DEBT COLLECTION CASES
The Fair Debt Collection Practices Act (FDCPA) offers the strongest protections of any federal or state law regulating the activities of debt collectors. Arkansas has adopted its own statute to regulated the activities of debt collectors, the Arkansas Fair Debt Collection Practices Act (AFDCPA).
Both the FDCPA and the AFDCPA applies only to “debt collectors,” which generally includes debt collection agencies, debt buyers whose principal purpose is the collection of debts, collection lawyers, mortgage servicing companies that obtain servicing rights after default, creditors using false names or collecting for other creditors, repossession companies, and supplier or designers of deceptive forms.
The FDCPA and the AFDCPA prohibits certain conduct to protect a consumer from invasion of privacy, harassment, abuse, false or deceptive representations, and unfair or unconscionable collection methods. Specific debt collection acts that are prohibited are late night and repetitive phone calls and false threats of legal action. The FDCPA and the AFDCPA give consumers the right to require a debt collector to stop all collection contacts. The FDCPA and the AFDCPA also require a debt collector to deal with the consumer’s attorney when he or she has one. The FDCPA and the AFDCPA also gives consumers the right to require a debt collector to verify the existence, legality, or the amount of the debt it is attempting to collect. Debt collectors must provide two notices to consumers under the FDCPA and the AFDCPA.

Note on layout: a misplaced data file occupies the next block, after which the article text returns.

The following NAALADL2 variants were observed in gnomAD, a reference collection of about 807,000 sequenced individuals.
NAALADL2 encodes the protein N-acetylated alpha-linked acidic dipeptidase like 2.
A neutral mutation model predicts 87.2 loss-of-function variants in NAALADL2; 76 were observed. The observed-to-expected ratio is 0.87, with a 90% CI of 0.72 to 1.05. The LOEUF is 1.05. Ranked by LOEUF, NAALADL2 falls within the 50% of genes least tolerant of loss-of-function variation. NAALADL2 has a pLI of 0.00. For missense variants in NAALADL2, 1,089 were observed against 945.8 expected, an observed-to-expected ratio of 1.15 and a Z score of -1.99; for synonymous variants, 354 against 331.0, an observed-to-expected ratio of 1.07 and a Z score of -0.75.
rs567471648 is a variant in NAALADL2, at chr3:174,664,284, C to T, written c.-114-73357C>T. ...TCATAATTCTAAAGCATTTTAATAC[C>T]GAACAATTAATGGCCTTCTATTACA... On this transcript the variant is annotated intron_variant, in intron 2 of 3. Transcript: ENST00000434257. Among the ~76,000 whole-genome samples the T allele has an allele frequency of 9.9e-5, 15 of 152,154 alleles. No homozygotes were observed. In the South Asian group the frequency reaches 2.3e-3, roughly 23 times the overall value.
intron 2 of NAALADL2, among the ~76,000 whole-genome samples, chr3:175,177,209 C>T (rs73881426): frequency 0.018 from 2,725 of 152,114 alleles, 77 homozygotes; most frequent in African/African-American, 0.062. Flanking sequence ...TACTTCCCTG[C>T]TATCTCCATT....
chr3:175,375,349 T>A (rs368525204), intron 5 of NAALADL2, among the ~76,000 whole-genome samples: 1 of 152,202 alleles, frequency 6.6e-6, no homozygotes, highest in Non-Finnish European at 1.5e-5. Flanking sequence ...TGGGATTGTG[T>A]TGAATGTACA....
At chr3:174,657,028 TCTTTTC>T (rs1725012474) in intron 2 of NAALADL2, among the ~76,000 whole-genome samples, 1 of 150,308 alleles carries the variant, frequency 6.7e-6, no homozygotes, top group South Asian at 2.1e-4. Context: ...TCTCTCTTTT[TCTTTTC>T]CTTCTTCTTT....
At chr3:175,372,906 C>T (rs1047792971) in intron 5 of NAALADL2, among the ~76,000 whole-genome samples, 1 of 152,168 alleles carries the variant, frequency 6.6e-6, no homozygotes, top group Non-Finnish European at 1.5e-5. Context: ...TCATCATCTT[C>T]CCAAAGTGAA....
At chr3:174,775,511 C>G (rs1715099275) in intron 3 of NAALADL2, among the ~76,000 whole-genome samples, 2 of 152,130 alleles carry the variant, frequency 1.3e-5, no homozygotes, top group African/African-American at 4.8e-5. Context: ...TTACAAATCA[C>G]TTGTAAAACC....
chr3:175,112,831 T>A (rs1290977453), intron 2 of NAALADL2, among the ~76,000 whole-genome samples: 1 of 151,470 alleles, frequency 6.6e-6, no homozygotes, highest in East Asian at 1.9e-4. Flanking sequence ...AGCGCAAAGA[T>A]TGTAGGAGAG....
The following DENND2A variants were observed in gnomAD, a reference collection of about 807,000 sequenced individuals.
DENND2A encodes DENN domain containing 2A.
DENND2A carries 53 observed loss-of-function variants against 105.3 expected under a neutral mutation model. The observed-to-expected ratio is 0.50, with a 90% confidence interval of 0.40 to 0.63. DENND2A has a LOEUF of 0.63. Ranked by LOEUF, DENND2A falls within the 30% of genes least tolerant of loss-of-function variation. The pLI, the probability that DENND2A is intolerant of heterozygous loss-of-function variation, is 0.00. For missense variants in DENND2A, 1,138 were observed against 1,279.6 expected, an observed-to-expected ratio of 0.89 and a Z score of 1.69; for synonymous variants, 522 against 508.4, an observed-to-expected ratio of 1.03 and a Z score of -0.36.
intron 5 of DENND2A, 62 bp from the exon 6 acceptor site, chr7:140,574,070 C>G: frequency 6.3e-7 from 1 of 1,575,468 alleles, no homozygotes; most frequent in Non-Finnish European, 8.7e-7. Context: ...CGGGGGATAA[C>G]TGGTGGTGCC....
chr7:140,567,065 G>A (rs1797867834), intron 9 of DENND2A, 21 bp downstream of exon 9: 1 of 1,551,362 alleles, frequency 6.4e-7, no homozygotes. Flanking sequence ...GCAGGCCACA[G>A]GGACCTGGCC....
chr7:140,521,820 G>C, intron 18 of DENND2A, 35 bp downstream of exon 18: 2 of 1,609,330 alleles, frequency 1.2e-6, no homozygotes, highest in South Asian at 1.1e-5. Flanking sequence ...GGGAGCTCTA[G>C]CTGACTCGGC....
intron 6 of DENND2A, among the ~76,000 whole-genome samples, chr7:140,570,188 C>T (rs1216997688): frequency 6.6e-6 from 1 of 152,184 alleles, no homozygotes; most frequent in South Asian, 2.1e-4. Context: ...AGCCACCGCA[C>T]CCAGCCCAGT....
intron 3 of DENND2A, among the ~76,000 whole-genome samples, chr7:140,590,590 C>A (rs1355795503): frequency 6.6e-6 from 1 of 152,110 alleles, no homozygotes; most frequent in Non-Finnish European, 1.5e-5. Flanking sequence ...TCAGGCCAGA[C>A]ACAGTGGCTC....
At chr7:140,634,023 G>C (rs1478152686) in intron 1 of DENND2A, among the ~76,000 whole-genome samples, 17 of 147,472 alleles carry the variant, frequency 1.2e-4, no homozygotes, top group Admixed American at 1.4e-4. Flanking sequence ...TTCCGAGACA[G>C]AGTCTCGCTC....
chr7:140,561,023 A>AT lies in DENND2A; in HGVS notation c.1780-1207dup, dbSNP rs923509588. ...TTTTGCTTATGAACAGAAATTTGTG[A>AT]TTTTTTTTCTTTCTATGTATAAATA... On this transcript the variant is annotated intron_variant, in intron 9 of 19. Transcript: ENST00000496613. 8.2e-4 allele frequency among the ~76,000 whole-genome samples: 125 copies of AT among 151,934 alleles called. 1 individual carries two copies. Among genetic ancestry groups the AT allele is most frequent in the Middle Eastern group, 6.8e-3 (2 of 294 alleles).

Courts require strict adherence to the FDCPA and the AFDCPA’s explicit terms to accomplish the consumer protection goals of the US Congress and the Arkansas Legislature, respectively.
Violations of the FDCPA and the AFDCPA allow the consumer to recover actual damages (emotional distress and money spent by the consumer as a result of the violation), statutory damages of up to $1,000 under the FDCPA and the AFDCPA, and attorney fees.